The 10D became my backup camera when I got a 5D. I still use a 5D body in my medical practice, where it is attached to a specialized medical camera, and has been used every working day for the past ten years.
There's a distinction between what we need, and what we want. And we know what the Rolling Stones had to say about that!

At some point these surviving old cameras must become rare, and therefore collectable. Perhaps the 19 dollars for the 10D is the rock bottom price, and will start to go up at some point as collectors want to own a piece of Canon's history.

Back when the Olympus E-M5 came out it was the camera I had been waiting for. I had been interested in the Micro Four Thirds system and lenses since the Panasonic GF1 and 20/1.7, but it wasn't until the E-M5 that I got the urge to buy into the system.

So, I bought the E-M5 as soon as it was available, probably full well knowing that if I'd wait a few months, I could save a bit of money. But I had been using my Nikon D40 for almost five years and… well, I had to do it.

10.000 SEK the E-M5 body cost me and now, almost three years later, it can be had new, from a reputable camera shop, for 5.000 SEK. I seem to recall seeing it offered new for 4.000 only recently. I wonder how much this wonderful little camera is worth used now…

Just hate the word "upgrading".

Sitting on the shelf opposite my desk is a Canon EOS 1N RS (a 35mm stills film camera with a mirror that doesn't move–it splits the light so some travels into the viewfinder and some into the film chamber during an exposure) and a Canon EOS 10D.

The 10D is literally shot to death. It no longer works. The shutter mechanism blew up and the cost of replacement was, well... let's say more than $19. It was no longer economically viable. I used it professionally. It did great work. I replaced it with a 5D Mark II, which I shall also shoot to death before I replace it.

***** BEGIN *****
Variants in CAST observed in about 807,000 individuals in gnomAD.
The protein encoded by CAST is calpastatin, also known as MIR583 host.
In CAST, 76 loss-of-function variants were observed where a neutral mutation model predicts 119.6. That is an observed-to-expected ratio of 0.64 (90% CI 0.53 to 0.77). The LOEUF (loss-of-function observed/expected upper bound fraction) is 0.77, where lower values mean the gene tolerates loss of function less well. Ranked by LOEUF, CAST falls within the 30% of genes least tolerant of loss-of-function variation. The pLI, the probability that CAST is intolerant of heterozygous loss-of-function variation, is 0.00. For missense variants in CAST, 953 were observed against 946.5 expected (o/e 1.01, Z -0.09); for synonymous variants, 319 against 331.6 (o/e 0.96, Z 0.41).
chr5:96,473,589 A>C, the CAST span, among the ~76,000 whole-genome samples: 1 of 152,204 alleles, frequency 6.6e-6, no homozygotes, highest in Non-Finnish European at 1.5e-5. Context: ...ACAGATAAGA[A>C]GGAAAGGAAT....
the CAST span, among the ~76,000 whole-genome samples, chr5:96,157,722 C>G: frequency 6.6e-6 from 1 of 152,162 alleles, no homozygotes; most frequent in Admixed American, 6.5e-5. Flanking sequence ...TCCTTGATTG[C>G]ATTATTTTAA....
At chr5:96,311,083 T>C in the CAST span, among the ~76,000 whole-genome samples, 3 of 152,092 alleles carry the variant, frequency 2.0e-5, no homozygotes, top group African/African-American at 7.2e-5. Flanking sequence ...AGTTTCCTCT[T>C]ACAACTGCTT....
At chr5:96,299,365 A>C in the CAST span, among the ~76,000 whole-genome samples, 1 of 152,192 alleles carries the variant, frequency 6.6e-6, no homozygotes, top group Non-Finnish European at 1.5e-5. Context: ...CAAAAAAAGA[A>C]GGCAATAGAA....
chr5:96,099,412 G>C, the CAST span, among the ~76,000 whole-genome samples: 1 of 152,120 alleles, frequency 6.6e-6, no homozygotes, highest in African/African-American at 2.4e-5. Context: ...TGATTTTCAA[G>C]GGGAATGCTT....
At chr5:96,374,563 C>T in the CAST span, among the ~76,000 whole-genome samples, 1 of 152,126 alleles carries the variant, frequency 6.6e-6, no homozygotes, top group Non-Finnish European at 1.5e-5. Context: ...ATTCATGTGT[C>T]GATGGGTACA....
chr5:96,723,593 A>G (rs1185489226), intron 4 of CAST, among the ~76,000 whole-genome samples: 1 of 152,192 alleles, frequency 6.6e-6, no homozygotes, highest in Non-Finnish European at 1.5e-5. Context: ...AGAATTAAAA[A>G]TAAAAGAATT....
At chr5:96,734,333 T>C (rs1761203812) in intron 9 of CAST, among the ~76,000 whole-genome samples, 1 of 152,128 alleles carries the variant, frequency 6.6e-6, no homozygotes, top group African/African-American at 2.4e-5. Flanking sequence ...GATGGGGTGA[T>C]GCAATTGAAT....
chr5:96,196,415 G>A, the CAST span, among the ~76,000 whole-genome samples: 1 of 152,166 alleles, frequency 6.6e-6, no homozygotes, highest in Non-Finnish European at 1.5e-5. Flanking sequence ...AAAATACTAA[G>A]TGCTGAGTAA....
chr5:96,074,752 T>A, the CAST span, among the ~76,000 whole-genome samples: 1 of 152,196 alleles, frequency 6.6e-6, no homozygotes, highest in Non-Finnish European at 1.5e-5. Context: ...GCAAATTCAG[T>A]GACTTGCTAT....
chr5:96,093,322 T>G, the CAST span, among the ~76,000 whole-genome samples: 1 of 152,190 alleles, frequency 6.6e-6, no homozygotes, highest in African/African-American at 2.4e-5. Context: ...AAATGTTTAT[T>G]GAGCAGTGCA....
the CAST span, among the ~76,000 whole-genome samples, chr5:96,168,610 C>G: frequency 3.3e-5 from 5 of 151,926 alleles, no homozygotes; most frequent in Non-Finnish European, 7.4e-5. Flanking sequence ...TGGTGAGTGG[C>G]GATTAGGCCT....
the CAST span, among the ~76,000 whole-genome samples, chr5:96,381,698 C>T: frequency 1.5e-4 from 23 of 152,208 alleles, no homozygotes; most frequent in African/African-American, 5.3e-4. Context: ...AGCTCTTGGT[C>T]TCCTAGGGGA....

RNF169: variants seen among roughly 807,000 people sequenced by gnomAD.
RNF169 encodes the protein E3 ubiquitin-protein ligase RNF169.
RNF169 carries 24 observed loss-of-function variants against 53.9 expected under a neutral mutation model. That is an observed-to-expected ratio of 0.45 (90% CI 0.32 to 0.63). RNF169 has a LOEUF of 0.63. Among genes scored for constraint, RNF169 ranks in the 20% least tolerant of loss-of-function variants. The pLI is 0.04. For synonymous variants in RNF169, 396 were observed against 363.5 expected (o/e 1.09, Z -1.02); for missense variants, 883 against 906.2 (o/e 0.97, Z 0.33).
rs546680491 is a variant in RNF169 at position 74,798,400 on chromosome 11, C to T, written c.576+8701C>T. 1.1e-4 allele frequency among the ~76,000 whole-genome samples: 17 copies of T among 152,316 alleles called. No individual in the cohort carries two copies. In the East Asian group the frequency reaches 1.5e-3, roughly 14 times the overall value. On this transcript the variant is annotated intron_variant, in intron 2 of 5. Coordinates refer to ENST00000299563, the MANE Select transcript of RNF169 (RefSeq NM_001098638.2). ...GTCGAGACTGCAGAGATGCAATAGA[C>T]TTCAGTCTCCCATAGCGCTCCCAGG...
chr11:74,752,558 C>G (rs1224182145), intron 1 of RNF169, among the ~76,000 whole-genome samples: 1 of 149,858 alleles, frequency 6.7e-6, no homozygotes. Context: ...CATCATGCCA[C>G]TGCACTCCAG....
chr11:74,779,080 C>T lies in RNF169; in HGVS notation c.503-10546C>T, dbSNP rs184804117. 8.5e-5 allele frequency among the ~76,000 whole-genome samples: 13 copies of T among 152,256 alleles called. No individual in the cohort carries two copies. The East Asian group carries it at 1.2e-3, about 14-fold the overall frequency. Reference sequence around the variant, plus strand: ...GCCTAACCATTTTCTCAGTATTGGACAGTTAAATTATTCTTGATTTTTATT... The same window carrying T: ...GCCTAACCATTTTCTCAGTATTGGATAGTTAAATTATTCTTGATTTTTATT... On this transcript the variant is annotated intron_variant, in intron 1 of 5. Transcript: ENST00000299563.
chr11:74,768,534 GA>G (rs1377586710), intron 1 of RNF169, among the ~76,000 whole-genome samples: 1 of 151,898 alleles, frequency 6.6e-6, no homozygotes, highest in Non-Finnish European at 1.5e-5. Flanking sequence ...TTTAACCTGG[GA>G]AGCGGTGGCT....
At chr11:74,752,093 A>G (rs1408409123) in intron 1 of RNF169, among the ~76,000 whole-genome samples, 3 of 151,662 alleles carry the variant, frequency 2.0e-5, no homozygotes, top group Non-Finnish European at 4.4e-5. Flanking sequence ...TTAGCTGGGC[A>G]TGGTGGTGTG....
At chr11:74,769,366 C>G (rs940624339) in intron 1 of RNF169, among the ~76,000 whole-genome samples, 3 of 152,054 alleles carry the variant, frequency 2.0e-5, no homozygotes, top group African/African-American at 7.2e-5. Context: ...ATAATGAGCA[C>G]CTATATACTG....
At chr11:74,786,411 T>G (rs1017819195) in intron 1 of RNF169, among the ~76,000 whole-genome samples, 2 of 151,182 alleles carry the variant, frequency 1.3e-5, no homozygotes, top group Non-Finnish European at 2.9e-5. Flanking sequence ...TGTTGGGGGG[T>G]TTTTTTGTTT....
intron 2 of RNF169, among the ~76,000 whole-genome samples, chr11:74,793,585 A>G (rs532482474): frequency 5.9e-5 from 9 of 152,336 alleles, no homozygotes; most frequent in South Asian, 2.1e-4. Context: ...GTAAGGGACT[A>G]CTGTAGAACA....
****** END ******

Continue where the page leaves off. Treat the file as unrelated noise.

The EOS 1N RS, on the other hand, barely got enough use to get scratched. I used it on two assignments alongside the 10D before ditching it in favour of a second 10D. It never made its money back. It is a big red entry in the business accounts.

The 10D, its twin, the 5D Mark II and the 1Ds Mark II (bought new 10 years ago) have been massive profits centres. The 5D Mark II is still going, as is the 1Ds Mark II. They have earned hundreds of thousands of euros in the years I've had them. (By the way, that's not very much money given the time span).

I won't replace them until they die. They shall not be retired like the EOS 1N RS, which mocks me from the shelf. That camera is a reminder of a financial decsion made based on ego rather than business sense.

I retired from professional photography 2.5 years ago and sold all my equipment at that time. I still wanted to take photos for myself, but didn't want to layout substantial cash, so I found a used Canon 30D (8 megapixels) and added the new 24mm STM pancake lens and the 50mm f1.8 STM. Then entire rig totaled less than $500 and works great. Old digital cameras have a lot to offer and if folks could get over the megapixel myth, much money could be saved and a rewarding hobby enjoyed.

Nice nostalgia for the old days of 10 or 12 years ago! I didn't have the 10D but I had its predecessor, the D60, also with 6MP. I leapfrogged the 10D for the 20D with the amazing total of 8MP. I still have them, and it's interesting to know their value is in the $19 range! Coincidentally I have just been looking at (and reprocessing in the latest ACR version) some photos from 2004-2005 with these cameras and they are amazingly good, even compared to the latest from my Fuji X-T1.

I suppose I'm a pretty fair representative of the secondary market for digital cameras. All the digital cameras I currently use on a regular basis (and many of the lenses) were bought on the used market. The exception is the bought-new Canon T2i Rebel, a camera that certainly is no longer "new". Since I've never been overly excited about the latest designs and newest features, I'm perfectly happy to just plod along with my ancient DSLRs while taking the kind of pictures I enjoy seeing. It's a wonderful thing to find excellent usable digital cameras capable of satisfying results for pennies on the dollar of their prices when new.